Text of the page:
These findings about task sharing were also identified between the two cadres of MCHNs when knowledge (endorsement of importance) and skills (frequency of performance) data were compared. Task sharing also occurred between MCHNs when compared to the two cadres of nurses (BN and GN). There was substantial, and in some areas, complete task-sharing between the two levels of MCHNs in all general client-care, reproductive, maternal, and infant health domains, indicating, as would be expected, that the content area is held in common, in spite of the differences in length of the education programme. MCHNs were intended to have a distinct scope of practice, for which the expected outcomes of education differed substantially from that of the basic and general nurse, but, nevertheless, they actually practiced many tasks in common.
MCHN cadres shared a common body of knowledge and set of skills, so that it was difficult to distinguish between the responsibilities of graduates from either of the two educational levels within the reproductive health, maternal, newborn and child health domains. Both cadres performed essential basic and emergency obstetric-care functions at approximately equal frequency across all types of health facilities . Fauveau and colleagues  note that any advances toward achievement of MDG maternal/child health goals are likely only when country-based maternal health programmes focus on scaling up larger numbers of truly skilled birth attendants, rather than focusing on the production of workers with shorter training and fewer skills. The commonalities in rating of the importance of knowledge areas relevant to the scope of MCH practice and the overlap of tasks that each MCHN cadre provides in the work setting indicated that the two cadres of MCHN personnel should be consolidated into a single educational pathway, through a higher educational career pathway.
There was some task sharing between MCHNs, other nurses, and the two cadres of MAs and MTs, in areas of practice that relate to common client-care, infection prevention and selected primary-care functions, including HIV counselling and treatment [32–34]. MCH nurses at both levels assumed some responsibilities for client triage and emergency-care services for which they were not prepared in their curricula of study. This was clearly demonstrated for MCH nurses who were working in rural health facilities. These findings are echoed by Kruk et al.  in their cross-national analysis of low- and middle-income countries which demonstrated that a broad mix of health workers accounted for provision of a substantial proportion of health services.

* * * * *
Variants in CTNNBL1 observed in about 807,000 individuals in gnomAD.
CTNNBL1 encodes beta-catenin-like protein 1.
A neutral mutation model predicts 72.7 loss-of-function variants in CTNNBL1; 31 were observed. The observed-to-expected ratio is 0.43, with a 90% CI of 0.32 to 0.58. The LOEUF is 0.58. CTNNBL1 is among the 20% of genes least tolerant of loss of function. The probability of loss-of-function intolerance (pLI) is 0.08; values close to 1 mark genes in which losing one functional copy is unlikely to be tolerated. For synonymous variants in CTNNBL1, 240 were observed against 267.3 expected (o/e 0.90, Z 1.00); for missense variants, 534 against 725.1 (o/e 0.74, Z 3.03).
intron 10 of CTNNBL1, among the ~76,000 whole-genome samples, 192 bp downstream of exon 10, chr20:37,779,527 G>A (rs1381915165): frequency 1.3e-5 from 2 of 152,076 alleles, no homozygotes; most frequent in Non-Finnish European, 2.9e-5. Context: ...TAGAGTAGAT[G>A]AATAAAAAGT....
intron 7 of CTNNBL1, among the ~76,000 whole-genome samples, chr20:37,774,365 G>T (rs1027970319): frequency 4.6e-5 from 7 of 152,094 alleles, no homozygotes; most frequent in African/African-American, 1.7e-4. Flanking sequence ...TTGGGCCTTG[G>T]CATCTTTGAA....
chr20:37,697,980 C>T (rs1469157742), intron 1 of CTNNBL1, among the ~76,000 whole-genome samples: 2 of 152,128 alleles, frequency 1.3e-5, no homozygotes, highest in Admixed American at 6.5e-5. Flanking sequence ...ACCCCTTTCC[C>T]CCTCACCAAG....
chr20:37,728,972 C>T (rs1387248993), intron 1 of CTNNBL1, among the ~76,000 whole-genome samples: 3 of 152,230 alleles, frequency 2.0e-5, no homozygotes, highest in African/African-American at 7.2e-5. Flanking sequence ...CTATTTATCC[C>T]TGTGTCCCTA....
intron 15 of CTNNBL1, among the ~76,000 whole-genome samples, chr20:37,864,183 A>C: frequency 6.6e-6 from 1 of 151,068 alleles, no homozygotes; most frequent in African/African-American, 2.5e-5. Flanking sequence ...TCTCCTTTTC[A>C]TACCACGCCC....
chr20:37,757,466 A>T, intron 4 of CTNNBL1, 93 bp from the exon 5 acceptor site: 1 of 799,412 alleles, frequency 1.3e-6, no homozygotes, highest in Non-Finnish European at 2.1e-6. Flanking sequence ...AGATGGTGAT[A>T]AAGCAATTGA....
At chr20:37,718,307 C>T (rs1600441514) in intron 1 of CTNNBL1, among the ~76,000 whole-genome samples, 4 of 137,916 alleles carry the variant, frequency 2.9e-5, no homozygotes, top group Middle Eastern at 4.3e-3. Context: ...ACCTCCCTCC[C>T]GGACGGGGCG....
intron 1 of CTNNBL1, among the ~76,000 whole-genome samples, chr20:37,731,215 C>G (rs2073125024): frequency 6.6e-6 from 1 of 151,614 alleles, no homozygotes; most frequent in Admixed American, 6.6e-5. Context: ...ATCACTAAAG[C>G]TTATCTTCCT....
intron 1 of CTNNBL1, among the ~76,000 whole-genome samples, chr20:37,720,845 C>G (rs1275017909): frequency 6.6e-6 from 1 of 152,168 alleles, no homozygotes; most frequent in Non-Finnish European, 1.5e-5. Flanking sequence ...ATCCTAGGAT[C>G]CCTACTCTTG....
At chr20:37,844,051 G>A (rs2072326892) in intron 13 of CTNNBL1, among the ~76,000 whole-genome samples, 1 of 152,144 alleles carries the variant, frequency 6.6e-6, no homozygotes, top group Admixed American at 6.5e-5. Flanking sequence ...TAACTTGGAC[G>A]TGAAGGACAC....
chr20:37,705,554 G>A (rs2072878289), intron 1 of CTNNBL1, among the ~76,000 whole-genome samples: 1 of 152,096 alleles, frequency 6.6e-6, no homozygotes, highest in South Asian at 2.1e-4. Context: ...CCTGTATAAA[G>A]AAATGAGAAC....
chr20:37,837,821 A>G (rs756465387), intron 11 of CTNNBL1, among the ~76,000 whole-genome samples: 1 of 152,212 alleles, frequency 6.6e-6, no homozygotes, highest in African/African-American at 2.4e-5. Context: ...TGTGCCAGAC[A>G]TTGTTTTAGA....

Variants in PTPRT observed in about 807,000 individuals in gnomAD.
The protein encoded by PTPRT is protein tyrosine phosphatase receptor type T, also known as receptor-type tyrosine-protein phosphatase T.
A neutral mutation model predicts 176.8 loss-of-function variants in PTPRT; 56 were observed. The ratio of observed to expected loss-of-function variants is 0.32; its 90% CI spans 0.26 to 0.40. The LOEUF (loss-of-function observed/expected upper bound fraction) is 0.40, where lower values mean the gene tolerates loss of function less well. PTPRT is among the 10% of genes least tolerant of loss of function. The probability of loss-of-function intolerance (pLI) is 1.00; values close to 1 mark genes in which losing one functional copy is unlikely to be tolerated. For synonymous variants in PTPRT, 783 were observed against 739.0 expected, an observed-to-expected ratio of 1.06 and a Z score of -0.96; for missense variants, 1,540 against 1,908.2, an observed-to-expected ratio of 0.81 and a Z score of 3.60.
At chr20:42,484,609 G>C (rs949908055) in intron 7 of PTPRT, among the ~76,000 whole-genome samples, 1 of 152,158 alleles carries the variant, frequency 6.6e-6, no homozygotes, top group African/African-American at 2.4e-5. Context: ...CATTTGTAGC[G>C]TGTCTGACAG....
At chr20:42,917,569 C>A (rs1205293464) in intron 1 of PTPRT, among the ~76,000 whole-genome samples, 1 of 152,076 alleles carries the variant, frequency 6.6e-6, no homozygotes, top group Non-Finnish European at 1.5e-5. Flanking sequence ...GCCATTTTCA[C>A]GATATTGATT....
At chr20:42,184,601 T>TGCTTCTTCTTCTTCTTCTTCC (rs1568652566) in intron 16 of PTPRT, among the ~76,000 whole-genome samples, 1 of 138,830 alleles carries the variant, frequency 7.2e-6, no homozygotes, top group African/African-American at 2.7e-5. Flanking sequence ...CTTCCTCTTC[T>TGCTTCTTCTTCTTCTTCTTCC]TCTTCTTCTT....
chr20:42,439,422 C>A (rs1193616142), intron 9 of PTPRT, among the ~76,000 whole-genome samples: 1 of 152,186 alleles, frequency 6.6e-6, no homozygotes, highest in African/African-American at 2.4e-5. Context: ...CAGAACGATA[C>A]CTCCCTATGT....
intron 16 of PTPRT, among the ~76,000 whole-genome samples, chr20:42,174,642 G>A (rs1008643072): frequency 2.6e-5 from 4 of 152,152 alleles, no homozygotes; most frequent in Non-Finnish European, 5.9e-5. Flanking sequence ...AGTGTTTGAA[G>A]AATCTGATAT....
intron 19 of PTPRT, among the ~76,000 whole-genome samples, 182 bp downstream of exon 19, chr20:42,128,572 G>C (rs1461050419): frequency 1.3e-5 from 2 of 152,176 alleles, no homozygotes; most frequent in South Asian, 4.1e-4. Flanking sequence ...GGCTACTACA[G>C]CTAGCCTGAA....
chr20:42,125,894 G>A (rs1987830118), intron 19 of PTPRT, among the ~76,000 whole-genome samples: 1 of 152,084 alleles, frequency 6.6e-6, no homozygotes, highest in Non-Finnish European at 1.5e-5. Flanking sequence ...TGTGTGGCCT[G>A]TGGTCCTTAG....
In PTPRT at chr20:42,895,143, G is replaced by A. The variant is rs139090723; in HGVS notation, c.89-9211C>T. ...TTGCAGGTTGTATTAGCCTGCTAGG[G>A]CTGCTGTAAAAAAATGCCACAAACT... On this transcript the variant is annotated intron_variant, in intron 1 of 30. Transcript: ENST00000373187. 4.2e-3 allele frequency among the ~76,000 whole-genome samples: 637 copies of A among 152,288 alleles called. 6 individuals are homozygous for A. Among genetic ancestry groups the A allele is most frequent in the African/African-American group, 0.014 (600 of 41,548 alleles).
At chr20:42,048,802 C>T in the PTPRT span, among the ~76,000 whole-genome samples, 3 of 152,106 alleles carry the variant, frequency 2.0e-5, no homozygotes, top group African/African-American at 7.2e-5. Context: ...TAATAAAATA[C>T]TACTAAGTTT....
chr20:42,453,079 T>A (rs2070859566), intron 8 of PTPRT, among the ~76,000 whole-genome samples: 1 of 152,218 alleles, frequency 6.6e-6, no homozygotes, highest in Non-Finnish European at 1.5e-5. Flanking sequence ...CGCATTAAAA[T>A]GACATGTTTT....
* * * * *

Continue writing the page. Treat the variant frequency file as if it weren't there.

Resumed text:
The intention of these analyses were to answer the question, “What tasks are performed by any one of the cadres, in any setting to which the individual is assigned to work?”, and to identify similarities and differences in task expectations between and among cadres. Study findings confirmed that there were clearly two cadres of nursing personnel in the country, those who performed tasks in general medical-surgical domains, and those who performed reproductive health care-related functions, that is, a nurse, and an MCH nurse. There was clear evidence of task sharing between the tasks performed by the two levels of nurses (comparing BN to GN) and the two levels of MCH nurses (comparing basic to general), despite differences in their educational preparation for practice in rural health settings, in response to presenting client needs. There was far less distinction when the two levels of BN and GN, and when the two levels of MCH nurses were compared one to the other. There was also clear evidence of task shifting from maternal/child health nurses to GNs, particularly for tasks within the maternity-care domain, likely because of exigent circumstances and facility needs [36–40].
The findings in this report are based on results obtained from a very robust sample of respondents, well-balanced in terms of age and years of experience. Each of the Provinces and Maputo City were well-represented. The full variety of health-care delivery settings, and both in-patient and out-patient service delivery units were included in the sample. The RHC-IIs, were particularly well-reflected. Nevertheless, it cannot be said with certainty that the respondents are proportionately representative of the actual providers of service in each health facility and care setting.